(Adds comment from Washington Cos president, share reaction, context)
By Nicole Mordant
March 21 (Reuters) - Dominion Diamond , target of a $1.1 billion unsolicited bid, should run a formal sales process for the company and open its books to what could be several interested parties, Dominion's biggest shareholder told Reuters on Tuesday.
The board of Dominion, the world's third-largest diamond producer by value, has a responsibility toward its shareholders to consider the proposal from U.S.-based The Washington Companies, as well as possible other bids, Jamie Horvat, fund manager at M&G Investments said.
M&G owns around 11 percent of Dominion, Horvat said.
"The best outcome for the owners right now is to do a proper strategic review, have people sign up who are interested," London-based Horvat said by phone. "Maybe others will come out of the woodwork," he said.
Dominion was not immediately available for comment.
On Sunday, The Washington Companies, a group of privately held North American mining, industrial and transportation businesses founded by billionaire Dennis Washington, revealed it had made a $1.1 billion all-cash proposal for Dominion.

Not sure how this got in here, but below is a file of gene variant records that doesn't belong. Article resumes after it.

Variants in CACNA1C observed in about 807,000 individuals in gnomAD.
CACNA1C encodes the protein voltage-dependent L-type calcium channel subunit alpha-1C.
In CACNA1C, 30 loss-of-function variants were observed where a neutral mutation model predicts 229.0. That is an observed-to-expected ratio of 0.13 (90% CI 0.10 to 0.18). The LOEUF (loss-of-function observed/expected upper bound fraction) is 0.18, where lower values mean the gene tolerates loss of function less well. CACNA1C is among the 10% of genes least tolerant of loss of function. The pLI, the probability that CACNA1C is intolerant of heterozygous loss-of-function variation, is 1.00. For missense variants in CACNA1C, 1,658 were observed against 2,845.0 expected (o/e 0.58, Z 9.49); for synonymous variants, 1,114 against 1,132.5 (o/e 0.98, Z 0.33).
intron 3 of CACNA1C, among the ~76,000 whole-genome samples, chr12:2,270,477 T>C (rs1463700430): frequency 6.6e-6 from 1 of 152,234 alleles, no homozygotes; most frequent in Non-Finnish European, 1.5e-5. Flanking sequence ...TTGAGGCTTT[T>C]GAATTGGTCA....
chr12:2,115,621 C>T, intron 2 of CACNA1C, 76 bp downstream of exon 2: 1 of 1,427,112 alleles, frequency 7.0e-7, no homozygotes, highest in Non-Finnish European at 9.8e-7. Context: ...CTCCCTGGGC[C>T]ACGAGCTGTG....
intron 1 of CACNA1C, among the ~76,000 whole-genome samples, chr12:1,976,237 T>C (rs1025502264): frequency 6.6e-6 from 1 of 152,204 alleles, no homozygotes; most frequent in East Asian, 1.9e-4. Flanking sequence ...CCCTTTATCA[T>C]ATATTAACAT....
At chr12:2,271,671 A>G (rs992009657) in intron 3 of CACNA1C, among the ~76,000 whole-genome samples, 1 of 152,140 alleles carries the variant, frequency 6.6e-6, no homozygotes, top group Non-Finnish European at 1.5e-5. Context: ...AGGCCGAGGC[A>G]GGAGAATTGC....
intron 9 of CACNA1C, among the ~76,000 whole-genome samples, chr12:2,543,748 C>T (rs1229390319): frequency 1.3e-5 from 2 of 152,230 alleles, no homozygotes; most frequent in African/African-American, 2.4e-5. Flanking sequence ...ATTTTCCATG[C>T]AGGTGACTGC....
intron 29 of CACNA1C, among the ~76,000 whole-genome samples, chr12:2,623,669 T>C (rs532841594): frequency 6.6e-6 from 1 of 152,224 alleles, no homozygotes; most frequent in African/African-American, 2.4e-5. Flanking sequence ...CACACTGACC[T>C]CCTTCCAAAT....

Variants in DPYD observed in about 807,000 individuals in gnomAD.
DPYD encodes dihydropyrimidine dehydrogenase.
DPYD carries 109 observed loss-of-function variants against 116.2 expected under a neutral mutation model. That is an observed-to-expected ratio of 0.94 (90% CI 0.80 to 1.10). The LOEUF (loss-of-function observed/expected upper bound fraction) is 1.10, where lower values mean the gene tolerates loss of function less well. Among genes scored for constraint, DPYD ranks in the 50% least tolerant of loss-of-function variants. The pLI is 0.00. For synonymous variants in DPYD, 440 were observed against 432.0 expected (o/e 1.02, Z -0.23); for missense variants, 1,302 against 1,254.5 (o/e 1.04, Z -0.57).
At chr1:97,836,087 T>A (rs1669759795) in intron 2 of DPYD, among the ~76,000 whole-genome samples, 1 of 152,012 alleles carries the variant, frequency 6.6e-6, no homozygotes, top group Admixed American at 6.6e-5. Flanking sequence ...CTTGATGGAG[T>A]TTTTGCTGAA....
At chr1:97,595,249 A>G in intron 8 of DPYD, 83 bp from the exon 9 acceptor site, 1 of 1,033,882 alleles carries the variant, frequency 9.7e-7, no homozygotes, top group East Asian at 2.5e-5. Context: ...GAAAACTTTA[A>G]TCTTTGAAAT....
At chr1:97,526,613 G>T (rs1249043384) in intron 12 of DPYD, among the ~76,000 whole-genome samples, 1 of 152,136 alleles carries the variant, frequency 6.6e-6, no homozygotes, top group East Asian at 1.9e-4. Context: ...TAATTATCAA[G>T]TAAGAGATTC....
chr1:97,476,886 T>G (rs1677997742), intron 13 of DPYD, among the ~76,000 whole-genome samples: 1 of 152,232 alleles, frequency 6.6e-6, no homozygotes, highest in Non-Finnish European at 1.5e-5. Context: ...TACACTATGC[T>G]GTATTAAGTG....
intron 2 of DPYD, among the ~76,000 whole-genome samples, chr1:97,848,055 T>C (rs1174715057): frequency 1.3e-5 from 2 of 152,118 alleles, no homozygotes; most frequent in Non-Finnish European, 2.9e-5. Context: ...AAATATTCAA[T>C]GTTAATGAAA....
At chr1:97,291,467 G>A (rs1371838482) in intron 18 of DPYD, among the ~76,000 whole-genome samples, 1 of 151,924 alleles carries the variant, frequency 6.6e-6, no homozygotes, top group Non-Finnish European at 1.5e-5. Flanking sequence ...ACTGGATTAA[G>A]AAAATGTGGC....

In response, Dominion said its board had considered Washington's proposal, but that the terms of the proposed talks were unacceptable.
Dominion shares were up 2.0 percent at $12.45 on the New York Stock Exchange on Tuesday, still below the $13.50 a share offer price that Washington proposed.
Washington said on Sunday that the talks with Dominion had ended. On Tuesday, Larry Simkins, Washington's president, told Reuters it was up to Dominion and its shareholders to make the next move.
"We're absolutely waiting for the board of directors and the shareholders on determining what our next steps are," Simkins said in an interview.
He declined to say whether Washington may take a formal bid directly to shareholders. Washington currently owns no shares in Dominion, Simkins said.
M&G's Horvat said Dominion should allow Washington and others to do due diligence on the miner under proper terms and then "go ahead with the best offer." He said he expected this would happen.
"I think the board is going to do the right thing. They have good advisors, they are smart people," he said.
Analysts said on Monday that there were several "logical" potential suitors for Dominion including global mining giant Rio Tinto and Anglo American-owned diamond giant De Beers. Anglo and Rio declined to comment late on Monday.
Reuters reported on Monday that smaller Canadian diamond miner Stornoway Diamond Corp had held merger talks with Dominion in recent months (Reporting by Nicole Mordant in Vancouver; Editing by Denny Thomas and Leslie Adler)